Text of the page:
With the development of gas transmission to higher pressures using increasingly bigger pipelines, there has been a realisation that the above type of coating is not entirely satisfactory because it cannot withstand high tensile strains without cracking and this has resulted in a search for an improved coating material.

The major cause of coating failure is due to the inability of the coating to withstand high tensile strains. The coatings on the pipe need to withstand the severe handling which a pipe receives during laying, commissioning, and operation. In addition, the coating needs to be able to withstand such tests as pressure testing, soil movement and during cold bending in the field. It is essential that the coatings adheres strongly to the pipe surface if it is going to withstand the forces exerted on the pipeline and thus protect the metal surface from corrosion. This property is particularly important since the area of the pipeline beneath a disbonded coating, which may be associated with coating failure through cracking, is shielded from the influence of any cathodic protection. Another important property of the coating is that it should be thermally stable because under very heavy transmission loads anticipated the gas temperature at the outlet of a compressor station can be as high as 50C. The coatings as well as being thermally stable must be chemically stable because of the possible attack from bacteria and chemicals contained in the surrounding soil. Another important property is that the coating must be reasonably impermeable to water if it is going to provide a satisfactory protection against corrosion.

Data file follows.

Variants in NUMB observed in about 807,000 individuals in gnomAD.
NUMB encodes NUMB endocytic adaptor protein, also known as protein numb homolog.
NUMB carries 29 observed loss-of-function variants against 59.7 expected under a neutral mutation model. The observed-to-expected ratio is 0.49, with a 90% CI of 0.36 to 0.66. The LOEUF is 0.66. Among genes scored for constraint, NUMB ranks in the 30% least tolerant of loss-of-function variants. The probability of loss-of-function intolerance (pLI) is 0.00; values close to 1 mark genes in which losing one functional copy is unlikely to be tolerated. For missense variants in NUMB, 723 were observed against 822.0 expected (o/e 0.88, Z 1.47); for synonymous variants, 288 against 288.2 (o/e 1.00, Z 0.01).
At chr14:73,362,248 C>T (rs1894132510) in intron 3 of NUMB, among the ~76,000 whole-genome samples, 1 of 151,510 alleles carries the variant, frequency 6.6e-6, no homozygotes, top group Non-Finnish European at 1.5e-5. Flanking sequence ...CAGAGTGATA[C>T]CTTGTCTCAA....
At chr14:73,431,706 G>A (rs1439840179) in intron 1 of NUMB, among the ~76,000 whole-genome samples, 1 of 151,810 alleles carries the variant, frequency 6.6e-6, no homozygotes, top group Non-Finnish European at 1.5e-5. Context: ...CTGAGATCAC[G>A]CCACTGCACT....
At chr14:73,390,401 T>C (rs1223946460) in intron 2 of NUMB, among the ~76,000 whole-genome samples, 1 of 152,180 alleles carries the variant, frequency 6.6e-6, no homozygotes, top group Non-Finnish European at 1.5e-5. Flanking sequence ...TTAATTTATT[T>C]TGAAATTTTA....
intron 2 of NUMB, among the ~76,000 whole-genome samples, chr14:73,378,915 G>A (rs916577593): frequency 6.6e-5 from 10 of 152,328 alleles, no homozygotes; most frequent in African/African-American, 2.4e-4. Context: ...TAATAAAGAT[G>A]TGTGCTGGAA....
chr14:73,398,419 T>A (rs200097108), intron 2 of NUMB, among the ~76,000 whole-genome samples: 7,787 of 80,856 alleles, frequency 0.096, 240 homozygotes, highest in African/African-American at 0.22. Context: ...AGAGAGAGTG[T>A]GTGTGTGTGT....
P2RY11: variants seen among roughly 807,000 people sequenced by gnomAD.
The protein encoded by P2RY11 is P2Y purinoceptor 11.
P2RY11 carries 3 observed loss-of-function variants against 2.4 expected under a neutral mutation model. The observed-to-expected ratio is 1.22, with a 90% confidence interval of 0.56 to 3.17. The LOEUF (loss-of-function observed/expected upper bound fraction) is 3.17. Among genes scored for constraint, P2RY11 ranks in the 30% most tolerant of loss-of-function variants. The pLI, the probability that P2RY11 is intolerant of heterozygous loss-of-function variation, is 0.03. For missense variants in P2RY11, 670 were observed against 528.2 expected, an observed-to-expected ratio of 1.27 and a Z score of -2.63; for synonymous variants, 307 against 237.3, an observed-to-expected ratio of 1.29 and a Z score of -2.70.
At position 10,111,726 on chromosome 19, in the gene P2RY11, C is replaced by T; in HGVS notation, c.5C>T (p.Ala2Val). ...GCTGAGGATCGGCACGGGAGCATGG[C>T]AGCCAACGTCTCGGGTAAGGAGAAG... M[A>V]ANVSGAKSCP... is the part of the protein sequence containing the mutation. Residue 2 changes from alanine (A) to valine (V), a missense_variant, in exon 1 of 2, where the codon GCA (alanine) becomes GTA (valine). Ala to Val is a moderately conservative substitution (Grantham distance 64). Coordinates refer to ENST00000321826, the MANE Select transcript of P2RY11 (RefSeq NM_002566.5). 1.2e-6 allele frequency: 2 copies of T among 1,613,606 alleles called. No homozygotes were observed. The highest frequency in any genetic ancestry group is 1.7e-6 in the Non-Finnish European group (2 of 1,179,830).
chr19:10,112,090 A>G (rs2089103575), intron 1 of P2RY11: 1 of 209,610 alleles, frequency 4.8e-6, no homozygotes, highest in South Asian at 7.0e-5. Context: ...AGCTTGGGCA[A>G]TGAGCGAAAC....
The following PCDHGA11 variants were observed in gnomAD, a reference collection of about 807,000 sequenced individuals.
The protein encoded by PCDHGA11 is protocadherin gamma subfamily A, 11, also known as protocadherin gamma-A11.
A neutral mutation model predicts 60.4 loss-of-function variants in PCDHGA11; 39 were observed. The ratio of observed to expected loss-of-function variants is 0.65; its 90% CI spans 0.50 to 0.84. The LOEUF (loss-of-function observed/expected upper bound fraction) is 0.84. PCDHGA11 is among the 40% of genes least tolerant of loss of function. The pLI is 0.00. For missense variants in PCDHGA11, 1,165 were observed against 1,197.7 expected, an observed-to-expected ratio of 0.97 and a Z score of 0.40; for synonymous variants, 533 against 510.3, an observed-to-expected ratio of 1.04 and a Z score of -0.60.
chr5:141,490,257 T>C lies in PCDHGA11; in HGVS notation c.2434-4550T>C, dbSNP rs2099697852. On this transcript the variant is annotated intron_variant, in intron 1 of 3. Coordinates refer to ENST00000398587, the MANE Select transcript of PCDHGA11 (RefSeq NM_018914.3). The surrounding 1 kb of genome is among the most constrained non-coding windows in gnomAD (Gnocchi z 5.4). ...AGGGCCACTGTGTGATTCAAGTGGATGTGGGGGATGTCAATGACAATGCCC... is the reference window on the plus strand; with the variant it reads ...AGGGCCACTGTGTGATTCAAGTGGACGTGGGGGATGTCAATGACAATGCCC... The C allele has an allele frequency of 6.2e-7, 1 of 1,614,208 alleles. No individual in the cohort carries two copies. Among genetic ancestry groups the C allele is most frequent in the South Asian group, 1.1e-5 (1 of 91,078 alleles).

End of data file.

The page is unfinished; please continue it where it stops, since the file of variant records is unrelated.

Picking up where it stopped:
Currently the material used for wrapping the pipes is a plastisised coal tar enamel, reinforced with glass fibre.

There have been cases of the coal tar enamel cracking when they have been subject to localised and excessive levels of tensile strain. These conditions have arisen as a result of ground movement, cold bending etc., of pipe and occassionally hydrostatic testing. It would appear that the ideal alternative to the present reinforcing tissue needs to possess properties of high ductility and mechanical properties which are compatible with coal tar enamel.

It is an object of the invention to try to overcome some or all of the above disadvantages.

According to the invention there is provided a method of protecting metal pipes by depositing a layer of coal tar on the external surface of the pipe and wrapping the coated surface with a layer of a longitudinally extensible material which can be synthetic organic polymer tissue or a glass based fabric.

Preferably the pipe is wrapped using layer or layers of coal tar, impregnated organic polymer tissue, and non-impregnated glass based material.

There is also a preferance of wrapping a pipe using combinations of the above materials.

Preferably the organic polymer tissue is a synthetic tissue which comprises a polyester/polyamide bi component filament yarn manufactured as a tissue fabric to 100 grams/meter2 fabric weight prior to pre-impregnated with coal tar, resulting in a material with about 30% longitudinal extensibility.

Preferably the glass based materials is the knitted glass material which comprises a glass yarn of 204 filaments per yarn, i.e., 340 decitex knitted to 180 grams/meters2 material weight resulted in a material with longitudinal extensibility of about 25%.

It is preferred that the metal pipes are cleaned before wrapping by either chemical or mechanical means.